Carolina Ivanescu (Arad, 1979) obtained her Master’s degrees in Cultural Anthropology and Romanian Philology at the Eötvös Loránd University Budapest. For her Cultural Anthropology degree she has conducted fieldwork in Tibetan communities living in exile in India and Nepal, working as a volunteer for Gyudmed Tantric College Dharamsala and the Tibetan Library of Works and Archives. Subsequently she moved to the Netherlands where she completed a Research Master in the Social Sciences at the International School for the Humanities and the Social Sciences, University of Amsterdam. For her MSc degree she conducted research on the sartorial preferences of Pakistani young women in the Netherlands. While in the second year of her Research Master she started her doctoral studies at the Department of Sociology of the Erasmus University Rotterdam. During her doctoral years she has been part of the chair Citizenship and Identity, a cooperation between the City of Rotterdam and the Erasmus University. She has also been involved in the supervision and teaching of students and has been a member of the research group CIMIC. While finalizing her dissertation, she has worked as an academic researcher on the European integration Fund financed project IMPACIM shared between the Sociology and the Public Administration departments of Erasmus University Rotterdam. At present Carolina is Lecturer in Religion and Society at the Department of History, European Studies and Religious Studies, University of Amsterdam.
Introduction to religious studies II - Inleiding Religiewetenschappen II
Sociology of religion - Godsdienstsociologie
Islam in Europa
Religion, diversity and the (post)secular society - Religie, diversiteit en de (post)seculiere samenleving
Religion,violence and conflict resolution
Religions in today's society - Religies in de hedendaagse samenleving
Coming from a family affected in its peculiar combination of Eastern Orthodox and Catholic traditions by the biting tooth of communism, the overwhelming sensory certainty that religion is capable of giving and sustaining meaning in life surprised me. While doing fieldwork in India, seeing devotion in its myriad aspects cracked beyond repair the citadels of my ‘western’ perception. I was allowed a glimpse into what a world filled with transcendence could be. This has been an intellectual as well as an ontological experience. I felt that when contemplating the ‘religious’ unfold around me in its multiple dimensions I recognized and understood something essential. While I was used to see people turn to each other in times of need, the relationship to the divine which seemed to permeate Indian everyday reality was pragmatic, but also emotive and sensual. While I was used of going to church twice, maximum three times a year as a sort of obligation performed on otherwise dull free days, believers on this side of the planet were living their every moment in what seemed a neverending conversation with the transcendent. Owing to Mircea Eliade not only wonderful days enriched by his fantastic literature but also a first understanding of the history of religions, I was fascinated to see religion alive, practiced, believed in. I went to India as a traveller but returned as a pilgrim certain that the domain of what we call ‘religion’ is worth investigating, being passionate about, is worth the effort.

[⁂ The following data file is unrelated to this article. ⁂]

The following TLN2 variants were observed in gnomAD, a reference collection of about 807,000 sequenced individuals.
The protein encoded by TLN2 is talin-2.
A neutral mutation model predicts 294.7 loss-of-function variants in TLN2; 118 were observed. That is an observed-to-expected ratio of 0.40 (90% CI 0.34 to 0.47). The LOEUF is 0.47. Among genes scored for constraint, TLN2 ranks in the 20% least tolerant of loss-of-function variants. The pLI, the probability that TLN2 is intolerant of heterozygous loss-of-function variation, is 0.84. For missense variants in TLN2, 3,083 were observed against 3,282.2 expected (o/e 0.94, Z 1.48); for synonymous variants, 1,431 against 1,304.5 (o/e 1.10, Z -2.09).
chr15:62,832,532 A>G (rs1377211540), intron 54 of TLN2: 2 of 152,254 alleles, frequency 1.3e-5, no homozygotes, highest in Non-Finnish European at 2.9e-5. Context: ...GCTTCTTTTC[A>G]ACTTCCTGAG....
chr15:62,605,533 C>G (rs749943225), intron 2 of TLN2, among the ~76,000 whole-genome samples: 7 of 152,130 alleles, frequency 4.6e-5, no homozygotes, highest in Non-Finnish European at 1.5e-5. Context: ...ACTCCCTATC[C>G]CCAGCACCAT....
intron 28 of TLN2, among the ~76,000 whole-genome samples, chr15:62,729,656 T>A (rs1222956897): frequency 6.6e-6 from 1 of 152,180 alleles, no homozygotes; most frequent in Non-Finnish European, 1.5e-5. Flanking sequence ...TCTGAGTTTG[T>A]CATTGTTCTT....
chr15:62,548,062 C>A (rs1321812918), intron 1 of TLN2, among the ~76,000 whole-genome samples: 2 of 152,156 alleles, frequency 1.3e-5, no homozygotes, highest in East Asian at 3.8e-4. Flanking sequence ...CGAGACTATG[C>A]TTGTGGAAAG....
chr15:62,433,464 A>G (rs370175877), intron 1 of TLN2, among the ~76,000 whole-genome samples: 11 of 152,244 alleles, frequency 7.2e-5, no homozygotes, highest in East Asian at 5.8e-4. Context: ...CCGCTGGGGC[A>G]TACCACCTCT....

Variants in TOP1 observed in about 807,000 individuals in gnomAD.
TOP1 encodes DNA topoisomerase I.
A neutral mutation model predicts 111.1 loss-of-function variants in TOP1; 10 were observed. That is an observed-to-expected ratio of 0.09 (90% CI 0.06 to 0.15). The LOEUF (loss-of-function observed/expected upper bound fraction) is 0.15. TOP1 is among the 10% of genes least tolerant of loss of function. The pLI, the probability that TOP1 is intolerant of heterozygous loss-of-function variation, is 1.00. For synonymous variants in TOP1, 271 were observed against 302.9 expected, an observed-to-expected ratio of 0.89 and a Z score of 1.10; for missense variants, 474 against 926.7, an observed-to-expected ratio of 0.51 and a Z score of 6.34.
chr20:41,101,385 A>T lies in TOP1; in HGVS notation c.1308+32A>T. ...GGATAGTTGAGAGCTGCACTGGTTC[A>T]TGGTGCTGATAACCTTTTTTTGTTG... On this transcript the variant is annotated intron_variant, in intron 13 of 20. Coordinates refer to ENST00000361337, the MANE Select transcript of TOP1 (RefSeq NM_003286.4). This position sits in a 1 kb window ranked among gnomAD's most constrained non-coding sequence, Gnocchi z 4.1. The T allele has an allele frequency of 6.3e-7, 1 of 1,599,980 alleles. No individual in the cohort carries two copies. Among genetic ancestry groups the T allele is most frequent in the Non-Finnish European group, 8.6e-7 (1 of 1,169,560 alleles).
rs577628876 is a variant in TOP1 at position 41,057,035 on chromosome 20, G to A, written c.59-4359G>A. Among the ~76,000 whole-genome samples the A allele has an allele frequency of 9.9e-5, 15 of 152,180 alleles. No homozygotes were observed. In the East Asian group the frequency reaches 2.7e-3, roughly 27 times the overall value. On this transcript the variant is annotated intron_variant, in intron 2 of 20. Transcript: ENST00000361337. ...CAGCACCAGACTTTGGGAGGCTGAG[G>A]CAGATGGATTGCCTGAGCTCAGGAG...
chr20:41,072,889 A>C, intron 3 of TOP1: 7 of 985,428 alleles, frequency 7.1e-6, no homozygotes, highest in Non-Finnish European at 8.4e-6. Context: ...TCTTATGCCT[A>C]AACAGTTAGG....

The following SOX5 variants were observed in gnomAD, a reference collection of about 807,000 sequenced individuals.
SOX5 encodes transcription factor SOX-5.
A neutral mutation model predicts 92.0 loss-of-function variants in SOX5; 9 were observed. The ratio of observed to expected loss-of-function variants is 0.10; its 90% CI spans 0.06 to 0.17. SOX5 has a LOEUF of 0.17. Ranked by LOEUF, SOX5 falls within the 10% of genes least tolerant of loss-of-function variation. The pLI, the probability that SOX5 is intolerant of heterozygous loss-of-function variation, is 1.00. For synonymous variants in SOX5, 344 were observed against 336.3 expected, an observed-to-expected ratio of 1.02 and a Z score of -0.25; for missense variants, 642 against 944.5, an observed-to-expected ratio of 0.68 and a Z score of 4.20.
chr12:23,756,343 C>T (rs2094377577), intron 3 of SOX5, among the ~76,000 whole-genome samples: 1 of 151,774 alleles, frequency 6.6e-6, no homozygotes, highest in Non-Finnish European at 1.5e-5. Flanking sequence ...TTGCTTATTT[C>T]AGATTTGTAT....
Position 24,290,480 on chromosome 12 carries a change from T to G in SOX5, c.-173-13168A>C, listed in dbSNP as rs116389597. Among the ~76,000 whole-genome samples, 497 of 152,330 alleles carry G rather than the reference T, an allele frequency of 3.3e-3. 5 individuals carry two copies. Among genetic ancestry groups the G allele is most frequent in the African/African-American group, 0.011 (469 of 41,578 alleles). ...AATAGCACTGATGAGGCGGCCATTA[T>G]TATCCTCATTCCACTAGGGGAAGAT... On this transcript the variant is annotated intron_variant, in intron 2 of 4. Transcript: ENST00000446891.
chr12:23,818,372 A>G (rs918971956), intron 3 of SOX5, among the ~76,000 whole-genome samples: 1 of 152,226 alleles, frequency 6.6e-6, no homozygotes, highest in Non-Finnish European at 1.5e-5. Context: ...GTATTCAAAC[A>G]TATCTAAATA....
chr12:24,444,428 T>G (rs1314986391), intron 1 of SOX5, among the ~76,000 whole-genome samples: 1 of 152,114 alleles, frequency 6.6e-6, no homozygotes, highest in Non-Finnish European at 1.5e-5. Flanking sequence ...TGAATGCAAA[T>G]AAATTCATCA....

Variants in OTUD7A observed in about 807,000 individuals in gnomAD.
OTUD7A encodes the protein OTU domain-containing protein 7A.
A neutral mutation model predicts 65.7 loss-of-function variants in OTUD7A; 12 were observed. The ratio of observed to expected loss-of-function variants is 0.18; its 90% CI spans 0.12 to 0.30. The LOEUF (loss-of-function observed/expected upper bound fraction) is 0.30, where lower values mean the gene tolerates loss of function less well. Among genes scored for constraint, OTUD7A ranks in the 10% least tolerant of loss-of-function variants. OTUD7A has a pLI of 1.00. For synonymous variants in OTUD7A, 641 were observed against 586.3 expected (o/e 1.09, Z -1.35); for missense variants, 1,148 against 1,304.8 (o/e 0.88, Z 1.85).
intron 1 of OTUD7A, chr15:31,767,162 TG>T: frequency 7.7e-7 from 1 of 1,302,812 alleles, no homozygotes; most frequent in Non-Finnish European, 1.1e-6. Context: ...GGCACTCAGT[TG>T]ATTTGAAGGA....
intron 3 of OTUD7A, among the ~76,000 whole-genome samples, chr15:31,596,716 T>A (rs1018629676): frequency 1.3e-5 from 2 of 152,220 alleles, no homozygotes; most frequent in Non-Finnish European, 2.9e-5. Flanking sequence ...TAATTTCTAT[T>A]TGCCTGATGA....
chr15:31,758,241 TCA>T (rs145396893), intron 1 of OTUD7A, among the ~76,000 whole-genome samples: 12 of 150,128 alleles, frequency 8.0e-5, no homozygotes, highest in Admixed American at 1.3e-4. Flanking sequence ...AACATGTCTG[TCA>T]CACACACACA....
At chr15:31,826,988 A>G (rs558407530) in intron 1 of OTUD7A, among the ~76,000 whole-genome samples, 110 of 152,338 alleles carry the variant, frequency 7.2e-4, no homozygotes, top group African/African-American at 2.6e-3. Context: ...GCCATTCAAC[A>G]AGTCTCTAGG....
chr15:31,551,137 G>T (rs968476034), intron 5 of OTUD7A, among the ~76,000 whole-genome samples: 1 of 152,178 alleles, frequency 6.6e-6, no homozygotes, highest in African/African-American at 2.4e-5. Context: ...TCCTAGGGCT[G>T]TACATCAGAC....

My first degree have been in cultural anthropology, from which I inherited my love of ethnography based on participant observation and comparative literature studies which made me see how much can hide in between words. I studied them both at the Eotvos Lorand University Budapest. I further learned how to do and think about research in the social sciences at ISHSS University of Amsterdam. Here I understood how interdisciplinary research can bridge the limitations which are inherent in each branch of learning. I could use this knowledge extensively while affiliated to the Department of Sociology and the research cluster CIMIC at Erasmus University Rotterdam. Here I have completed my doctoral research on the role of religion in the construction of a collective Muslim identity in Rotterdam, Leicester and Marseille and after that, as a post-doctoral reseacher I have devoted my time to an European Integration Funds financed project, jointly working at the Department of Sociology and Public Administration at Erasmus University. As a Lecturer in Religion and Society at the Department of History, European Studies and Religious Studies my experience and passions come together beautifully in doing something that I really love.
At present I am interested in the articulations of what counts as religious, especially in contrast or conjunction to what counts as political. Although this distinction makes most sense in Western European nation-states, it is certainly not confined to this geographical area. Using the words of Charles Taylor, the secular is by now part of the ‘social imaginary’ and as such it informs much of our understanding of what religion is and what its role can be. I see the religious and the political as dimensions in need of inquiry rather than given premises. With this my work contributes to what Talal Asad has called an anthropology of secularity. I attempt to contextualize the concept of ‘religion’ and critically engage with its social construction and I am especially interested in what one can call 'minority religions'.